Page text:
such amounts are to be treated as income of assesse.
The amount representing unclaimed credit balances will
be liable to be taxed during the assessment year relevant
to the previous year in which such amount is written
back to Profit and Loss account by the assesse.
Further, in view of the amendment with effect from A.Y.
1997-98, unilateral act of writing off any liability is also
covered by section 41(1).
CA MEHUL THAKKER
9
This issue came up before the Delhi High Court in
Rollatainers Ltd. v. CIT (2011) 339 ITR 54.
Waiver of term loan (Principal)
The High Court observed that, as regards term loans, the
same were taken for the purchase of capital assets from
time to time. Therefore, since the money did not come
into the possession of the assessee on account of any
trading transaction, the receipts were capital in nature,
being loan repayable over a period of time along with
interest. The liability in question,
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i.e. the term loan for purchase of capital assets, is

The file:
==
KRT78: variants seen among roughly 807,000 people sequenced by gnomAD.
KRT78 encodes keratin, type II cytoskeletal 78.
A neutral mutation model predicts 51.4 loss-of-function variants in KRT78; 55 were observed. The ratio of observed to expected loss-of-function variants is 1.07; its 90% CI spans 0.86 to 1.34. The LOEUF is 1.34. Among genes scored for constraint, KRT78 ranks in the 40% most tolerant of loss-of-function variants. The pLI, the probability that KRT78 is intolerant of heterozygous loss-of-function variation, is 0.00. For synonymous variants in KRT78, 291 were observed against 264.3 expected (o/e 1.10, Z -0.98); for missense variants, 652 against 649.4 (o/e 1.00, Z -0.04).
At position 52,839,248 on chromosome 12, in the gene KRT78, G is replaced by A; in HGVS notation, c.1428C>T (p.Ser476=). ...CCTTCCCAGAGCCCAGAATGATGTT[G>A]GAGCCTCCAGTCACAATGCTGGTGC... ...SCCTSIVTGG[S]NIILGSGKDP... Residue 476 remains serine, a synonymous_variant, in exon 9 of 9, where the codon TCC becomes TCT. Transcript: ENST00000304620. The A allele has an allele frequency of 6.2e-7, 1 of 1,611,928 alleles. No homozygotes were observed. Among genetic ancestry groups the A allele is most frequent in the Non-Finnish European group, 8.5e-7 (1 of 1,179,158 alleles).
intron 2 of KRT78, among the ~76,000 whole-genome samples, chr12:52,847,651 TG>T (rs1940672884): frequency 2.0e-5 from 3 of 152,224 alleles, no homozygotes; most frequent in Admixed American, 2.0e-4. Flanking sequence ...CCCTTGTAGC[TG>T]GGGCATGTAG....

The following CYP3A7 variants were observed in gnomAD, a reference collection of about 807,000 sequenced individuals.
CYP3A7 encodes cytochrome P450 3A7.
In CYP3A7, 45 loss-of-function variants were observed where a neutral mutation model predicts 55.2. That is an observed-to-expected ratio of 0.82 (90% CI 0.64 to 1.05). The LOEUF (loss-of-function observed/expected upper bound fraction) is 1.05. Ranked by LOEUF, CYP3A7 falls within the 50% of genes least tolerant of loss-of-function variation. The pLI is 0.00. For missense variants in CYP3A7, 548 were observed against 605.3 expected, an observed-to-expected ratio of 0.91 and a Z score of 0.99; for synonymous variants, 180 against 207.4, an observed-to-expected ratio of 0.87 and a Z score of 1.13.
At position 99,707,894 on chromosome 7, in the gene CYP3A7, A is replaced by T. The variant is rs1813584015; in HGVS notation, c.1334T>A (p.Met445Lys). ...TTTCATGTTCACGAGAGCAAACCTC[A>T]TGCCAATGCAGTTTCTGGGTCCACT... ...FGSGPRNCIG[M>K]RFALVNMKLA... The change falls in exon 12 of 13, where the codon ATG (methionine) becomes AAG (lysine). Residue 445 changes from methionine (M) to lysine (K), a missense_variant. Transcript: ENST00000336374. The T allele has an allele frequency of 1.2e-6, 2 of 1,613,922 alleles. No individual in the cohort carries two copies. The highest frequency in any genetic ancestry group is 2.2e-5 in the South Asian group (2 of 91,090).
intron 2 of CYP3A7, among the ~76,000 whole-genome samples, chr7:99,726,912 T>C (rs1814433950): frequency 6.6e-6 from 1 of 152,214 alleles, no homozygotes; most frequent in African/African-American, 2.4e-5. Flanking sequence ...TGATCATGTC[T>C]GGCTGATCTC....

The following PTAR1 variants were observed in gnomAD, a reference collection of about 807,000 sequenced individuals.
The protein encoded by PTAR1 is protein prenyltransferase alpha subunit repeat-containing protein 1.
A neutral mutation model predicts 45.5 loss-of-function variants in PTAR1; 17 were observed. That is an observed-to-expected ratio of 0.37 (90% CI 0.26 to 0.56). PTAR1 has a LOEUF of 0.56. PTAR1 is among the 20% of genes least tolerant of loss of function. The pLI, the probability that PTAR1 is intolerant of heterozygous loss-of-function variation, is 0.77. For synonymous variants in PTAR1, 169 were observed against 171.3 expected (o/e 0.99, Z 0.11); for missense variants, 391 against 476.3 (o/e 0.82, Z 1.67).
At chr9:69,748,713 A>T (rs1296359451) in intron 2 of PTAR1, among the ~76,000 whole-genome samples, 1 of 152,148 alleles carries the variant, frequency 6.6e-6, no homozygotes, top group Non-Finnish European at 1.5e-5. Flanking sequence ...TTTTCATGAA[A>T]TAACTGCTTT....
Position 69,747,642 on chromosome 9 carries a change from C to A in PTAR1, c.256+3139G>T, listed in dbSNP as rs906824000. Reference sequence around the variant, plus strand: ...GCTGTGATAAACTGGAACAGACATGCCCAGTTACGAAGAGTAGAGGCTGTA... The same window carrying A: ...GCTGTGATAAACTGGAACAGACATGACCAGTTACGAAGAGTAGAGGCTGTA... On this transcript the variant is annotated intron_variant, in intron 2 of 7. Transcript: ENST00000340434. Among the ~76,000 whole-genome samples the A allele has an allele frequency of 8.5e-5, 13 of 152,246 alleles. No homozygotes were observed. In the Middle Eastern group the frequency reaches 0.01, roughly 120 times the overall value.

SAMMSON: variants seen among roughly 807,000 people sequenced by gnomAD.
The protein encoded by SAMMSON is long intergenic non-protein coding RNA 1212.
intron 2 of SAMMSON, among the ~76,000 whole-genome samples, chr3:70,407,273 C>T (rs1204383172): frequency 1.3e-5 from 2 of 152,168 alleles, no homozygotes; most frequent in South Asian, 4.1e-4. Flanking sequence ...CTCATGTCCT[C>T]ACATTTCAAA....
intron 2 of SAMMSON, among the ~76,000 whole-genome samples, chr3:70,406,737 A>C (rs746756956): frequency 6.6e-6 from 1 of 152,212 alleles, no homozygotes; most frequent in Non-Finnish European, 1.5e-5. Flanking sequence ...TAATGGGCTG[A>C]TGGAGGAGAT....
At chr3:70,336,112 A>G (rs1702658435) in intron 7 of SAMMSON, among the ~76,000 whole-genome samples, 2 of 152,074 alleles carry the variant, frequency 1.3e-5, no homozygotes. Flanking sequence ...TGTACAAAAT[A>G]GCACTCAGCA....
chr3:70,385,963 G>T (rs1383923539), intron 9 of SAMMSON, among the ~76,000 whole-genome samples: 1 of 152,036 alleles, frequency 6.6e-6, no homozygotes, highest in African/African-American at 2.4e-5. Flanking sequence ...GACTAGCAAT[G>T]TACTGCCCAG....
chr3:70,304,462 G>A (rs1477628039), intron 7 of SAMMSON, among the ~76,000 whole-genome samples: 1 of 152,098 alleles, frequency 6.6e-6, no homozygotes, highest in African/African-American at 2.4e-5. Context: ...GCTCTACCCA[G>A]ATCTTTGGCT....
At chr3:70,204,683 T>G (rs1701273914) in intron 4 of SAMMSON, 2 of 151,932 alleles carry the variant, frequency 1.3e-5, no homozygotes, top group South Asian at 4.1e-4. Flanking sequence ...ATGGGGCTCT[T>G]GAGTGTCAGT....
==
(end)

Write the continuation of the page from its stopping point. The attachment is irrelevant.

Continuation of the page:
not a trading liability. Therefore, the provisions of
section 41(1) are not attracted in this case since
the waiver is in respect of a term loan taken for a
capital asset and hence, cannot be treated as
remission or cessation of a trading liability. Thus,
the waiver of such term loans cannot be treated as
income of the assessee.
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Waiver of working capital loan (Principal)
In a case where loan is written off in the cash credit
account, the benefit is in the revenue field as the
money had been borrowed for day-to-day affairs
and not for the purchase of capital asset. These